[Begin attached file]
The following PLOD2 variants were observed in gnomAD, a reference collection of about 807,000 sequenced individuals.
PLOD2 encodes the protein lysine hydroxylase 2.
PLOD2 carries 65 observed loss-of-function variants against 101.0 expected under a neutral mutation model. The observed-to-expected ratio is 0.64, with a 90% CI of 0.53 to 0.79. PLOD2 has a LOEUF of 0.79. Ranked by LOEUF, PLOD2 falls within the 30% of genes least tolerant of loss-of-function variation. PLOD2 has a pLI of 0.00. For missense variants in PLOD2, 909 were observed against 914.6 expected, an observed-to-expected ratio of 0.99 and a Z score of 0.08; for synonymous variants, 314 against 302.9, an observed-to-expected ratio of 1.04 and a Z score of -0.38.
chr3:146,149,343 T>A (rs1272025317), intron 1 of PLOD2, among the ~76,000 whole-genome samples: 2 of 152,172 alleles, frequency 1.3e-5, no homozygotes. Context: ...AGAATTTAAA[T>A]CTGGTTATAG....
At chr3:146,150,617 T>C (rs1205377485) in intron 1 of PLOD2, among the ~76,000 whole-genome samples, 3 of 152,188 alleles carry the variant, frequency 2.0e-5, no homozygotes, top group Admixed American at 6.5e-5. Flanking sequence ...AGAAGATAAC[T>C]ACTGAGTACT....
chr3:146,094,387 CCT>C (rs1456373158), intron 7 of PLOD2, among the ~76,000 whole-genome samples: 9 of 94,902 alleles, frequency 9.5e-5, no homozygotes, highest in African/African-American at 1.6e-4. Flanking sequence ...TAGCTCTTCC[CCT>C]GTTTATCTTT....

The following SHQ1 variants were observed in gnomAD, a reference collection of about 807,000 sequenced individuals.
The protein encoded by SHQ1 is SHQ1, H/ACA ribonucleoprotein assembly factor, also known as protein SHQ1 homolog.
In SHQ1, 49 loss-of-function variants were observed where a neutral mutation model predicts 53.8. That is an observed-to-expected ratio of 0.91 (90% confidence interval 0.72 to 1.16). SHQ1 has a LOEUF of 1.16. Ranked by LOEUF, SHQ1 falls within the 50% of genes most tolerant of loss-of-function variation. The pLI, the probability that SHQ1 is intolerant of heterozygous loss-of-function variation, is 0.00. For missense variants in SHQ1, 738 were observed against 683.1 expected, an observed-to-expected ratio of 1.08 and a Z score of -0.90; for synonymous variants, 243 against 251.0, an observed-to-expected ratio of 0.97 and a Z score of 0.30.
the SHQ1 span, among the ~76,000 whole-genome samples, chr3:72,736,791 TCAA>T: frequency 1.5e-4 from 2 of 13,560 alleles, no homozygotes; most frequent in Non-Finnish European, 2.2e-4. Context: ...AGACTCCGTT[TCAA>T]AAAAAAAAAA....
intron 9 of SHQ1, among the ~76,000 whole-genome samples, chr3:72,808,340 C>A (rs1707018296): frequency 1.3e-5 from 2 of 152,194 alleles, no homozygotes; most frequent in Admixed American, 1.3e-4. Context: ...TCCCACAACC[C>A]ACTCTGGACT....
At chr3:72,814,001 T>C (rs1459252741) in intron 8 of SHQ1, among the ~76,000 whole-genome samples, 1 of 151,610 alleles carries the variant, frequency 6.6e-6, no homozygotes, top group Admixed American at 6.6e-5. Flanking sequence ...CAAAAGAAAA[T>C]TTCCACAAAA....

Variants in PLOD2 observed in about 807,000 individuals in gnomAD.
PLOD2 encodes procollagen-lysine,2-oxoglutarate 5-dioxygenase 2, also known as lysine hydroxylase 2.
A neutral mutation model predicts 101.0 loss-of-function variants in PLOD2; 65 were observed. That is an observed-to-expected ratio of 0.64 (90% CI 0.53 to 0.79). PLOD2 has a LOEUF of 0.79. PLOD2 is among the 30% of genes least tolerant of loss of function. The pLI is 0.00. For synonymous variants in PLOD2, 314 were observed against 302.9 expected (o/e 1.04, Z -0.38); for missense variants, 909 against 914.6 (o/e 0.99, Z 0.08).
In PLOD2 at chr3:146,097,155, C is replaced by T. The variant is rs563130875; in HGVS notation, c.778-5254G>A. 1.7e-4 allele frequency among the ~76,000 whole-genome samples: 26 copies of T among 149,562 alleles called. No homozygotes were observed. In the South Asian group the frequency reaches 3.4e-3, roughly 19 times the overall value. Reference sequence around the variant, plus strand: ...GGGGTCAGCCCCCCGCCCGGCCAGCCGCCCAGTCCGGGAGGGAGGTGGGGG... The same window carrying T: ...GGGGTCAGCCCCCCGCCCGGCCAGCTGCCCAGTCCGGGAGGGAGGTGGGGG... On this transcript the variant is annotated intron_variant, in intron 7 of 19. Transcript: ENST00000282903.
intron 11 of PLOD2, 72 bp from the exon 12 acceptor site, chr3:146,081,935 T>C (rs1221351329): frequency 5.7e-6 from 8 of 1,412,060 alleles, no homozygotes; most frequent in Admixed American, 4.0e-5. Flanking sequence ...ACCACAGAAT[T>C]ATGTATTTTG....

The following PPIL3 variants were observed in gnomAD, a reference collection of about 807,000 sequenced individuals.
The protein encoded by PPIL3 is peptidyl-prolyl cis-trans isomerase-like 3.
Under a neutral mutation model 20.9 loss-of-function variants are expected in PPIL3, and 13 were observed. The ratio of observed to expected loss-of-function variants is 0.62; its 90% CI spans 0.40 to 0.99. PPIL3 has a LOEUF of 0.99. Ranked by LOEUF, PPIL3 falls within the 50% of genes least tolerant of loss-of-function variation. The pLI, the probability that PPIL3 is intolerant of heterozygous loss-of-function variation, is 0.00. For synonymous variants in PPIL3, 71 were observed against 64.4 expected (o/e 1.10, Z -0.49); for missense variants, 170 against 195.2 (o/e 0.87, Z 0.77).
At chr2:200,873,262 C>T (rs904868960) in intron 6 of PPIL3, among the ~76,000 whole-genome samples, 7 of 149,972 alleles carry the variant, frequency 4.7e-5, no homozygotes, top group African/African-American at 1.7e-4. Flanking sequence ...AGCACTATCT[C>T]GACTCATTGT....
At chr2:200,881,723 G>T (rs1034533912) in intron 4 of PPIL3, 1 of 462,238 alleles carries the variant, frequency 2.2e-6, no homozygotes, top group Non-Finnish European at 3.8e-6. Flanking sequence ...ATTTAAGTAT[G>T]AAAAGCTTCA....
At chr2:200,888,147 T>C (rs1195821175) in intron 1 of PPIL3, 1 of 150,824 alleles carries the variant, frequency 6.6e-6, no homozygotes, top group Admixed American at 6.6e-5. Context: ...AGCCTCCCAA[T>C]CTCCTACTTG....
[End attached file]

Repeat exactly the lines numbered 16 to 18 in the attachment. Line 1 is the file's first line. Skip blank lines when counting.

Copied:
In PLOD2 at chr3:146,097,155, C is replaced by T. The variant is rs563130875; in HGVS notation, c.778-5254G>A. 1.7e-4 allele frequency among the ~76,000 whole-genome samples: 26 copies of T among 149,562 alleles called. No homozygotes were observed. In the South Asian group the frequency reaches 3.4e-3, roughly 19 times the overall value. Reference sequence around the variant, plus strand: ...GGGGTCAGCCCCCCGCCCGGCCAGCCGCCCAGTCCGGGAGGGAGGTGGGGG... The same window carrying T: ...GGGGTCAGCCCCCCGCCCGGCCAGCTGCCCAGTCCGGGAGGGAGGTGGGGG... On this transcript the variant is annotated intron_variant, in intron 7 of 19. Transcript: ENST00000282903.
intron 11 of PLOD2, 72 bp from the exon 12 acceptor site, chr3:146,081,935 T>C (rs1221351329): frequency 5.7e-6 from 8 of 1,412,060 alleles, no homozygotes; most frequent in Admixed American, 4.0e-5. Flanking sequence ...ACCACAGAAT[T>C]ATGTATTTTG....

The following PPIL3 variants were observed in gnomAD, a reference collection of about 807,000 sequenced individuals.